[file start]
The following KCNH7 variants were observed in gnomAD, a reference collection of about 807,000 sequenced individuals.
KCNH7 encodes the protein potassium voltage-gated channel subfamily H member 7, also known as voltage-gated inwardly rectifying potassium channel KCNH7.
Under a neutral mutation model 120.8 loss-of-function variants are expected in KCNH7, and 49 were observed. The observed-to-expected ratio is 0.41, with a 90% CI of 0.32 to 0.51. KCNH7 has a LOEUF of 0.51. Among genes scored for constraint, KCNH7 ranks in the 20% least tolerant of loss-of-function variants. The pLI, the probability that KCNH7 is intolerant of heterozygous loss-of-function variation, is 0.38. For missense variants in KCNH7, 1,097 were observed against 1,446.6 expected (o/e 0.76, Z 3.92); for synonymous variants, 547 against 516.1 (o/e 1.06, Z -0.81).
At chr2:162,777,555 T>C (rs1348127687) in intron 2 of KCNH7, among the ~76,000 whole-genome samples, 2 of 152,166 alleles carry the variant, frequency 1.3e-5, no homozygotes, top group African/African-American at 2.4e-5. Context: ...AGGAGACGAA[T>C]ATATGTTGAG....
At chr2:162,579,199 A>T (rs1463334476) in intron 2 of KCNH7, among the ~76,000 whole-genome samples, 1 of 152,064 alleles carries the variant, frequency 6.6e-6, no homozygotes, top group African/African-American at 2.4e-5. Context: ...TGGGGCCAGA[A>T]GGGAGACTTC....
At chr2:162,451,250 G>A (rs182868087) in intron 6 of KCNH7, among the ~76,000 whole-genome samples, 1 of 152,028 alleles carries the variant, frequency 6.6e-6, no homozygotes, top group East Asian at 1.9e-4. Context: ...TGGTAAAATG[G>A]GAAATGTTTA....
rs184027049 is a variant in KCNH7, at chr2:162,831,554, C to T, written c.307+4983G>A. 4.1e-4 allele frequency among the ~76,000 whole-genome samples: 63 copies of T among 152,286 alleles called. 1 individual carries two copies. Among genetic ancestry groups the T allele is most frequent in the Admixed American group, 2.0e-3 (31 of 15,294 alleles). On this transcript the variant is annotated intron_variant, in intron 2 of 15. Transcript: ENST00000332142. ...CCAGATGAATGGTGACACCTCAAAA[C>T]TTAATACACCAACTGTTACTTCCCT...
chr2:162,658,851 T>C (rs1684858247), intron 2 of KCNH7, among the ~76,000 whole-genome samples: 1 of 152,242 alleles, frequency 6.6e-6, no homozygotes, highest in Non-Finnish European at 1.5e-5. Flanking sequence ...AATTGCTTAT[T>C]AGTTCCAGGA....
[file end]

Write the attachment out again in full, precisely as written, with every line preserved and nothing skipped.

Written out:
The following KCNH7 variants were observed in gnomAD, a reference collection of about 807,000 sequenced individuals.
KCNH7 encodes the protein potassium voltage-gated channel subfamily H member 7, also known as voltage-gated inwardly rectifying potassium channel KCNH7.
Under a neutral mutation model 120.8 loss-of-function variants are expected in KCNH7, and 49 were observed. The observed-to-expected ratio is 0.41, with a 90% CI of 0.32 to 0.51. KCNH7 has a LOEUF of 0.51. Among genes scored for constraint, KCNH7 ranks in the 20% least tolerant of loss-of-function variants. The pLI, the probability that KCNH7 is intolerant of heterozygous loss-of-function variation, is 0.38. For missense variants in KCNH7, 1,097 were observed against 1,446.6 expected (o/e 0.76, Z 3.92); for synonymous variants, 547 against 516.1 (o/e 1.06, Z -0.81).
At chr2:162,777,555 T>C (rs1348127687) in intron 2 of KCNH7, among the ~76,000 whole-genome samples, 2 of 152,166 alleles carry the variant, frequency 1.3e-5, no homozygotes, top group African/African-American at 2.4e-5. Context: ...AGGAGACGAA[T>C]ATATGTTGAG....
At chr2:162,579,199 A>T (rs1463334476) in intron 2 of KCNH7, among the ~76,000 whole-genome samples, 1 of 152,064 alleles carries the variant, frequency 6.6e-6, no homozygotes, top group African/African-American at 2.4e-5. Context: ...TGGGGCCAGA[A>T]GGGAGACTTC....
At chr2:162,451,250 G>A (rs182868087) in intron 6 of KCNH7, among the ~76,000 whole-genome samples, 1 of 152,028 alleles carries the variant, frequency 6.6e-6, no homozygotes, top group East Asian at 1.9e-4. Context: ...TGGTAAAATG[G>A]GAAATGTTTA....
rs184027049 is a variant in KCNH7, at chr2:162,831,554, C to T, written c.307+4983G>A. 4.1e-4 allele frequency among the ~76,000 whole-genome samples: 63 copies of T among 152,286 alleles called. 1 individual carries two copies. Among genetic ancestry groups the T allele is most frequent in the Admixed American group, 2.0e-3 (31 of 15,294 alleles). On this transcript the variant is annotated intron_variant, in intron 2 of 15. Transcript: ENST00000332142. ...CCAGATGAATGGTGACACCTCAAAA[C>T]TTAATACACCAACTGTTACTTCCCT...
chr2:162,658,851 T>C (rs1684858247), intron 2 of KCNH7, among the ~76,000 whole-genome samples: 1 of 152,242 alleles, frequency 6.6e-6, no homozygotes, highest in Non-Finnish European at 1.5e-5. Flanking sequence ...AATTGCTTAT[T>C]AGTTCCAGGA....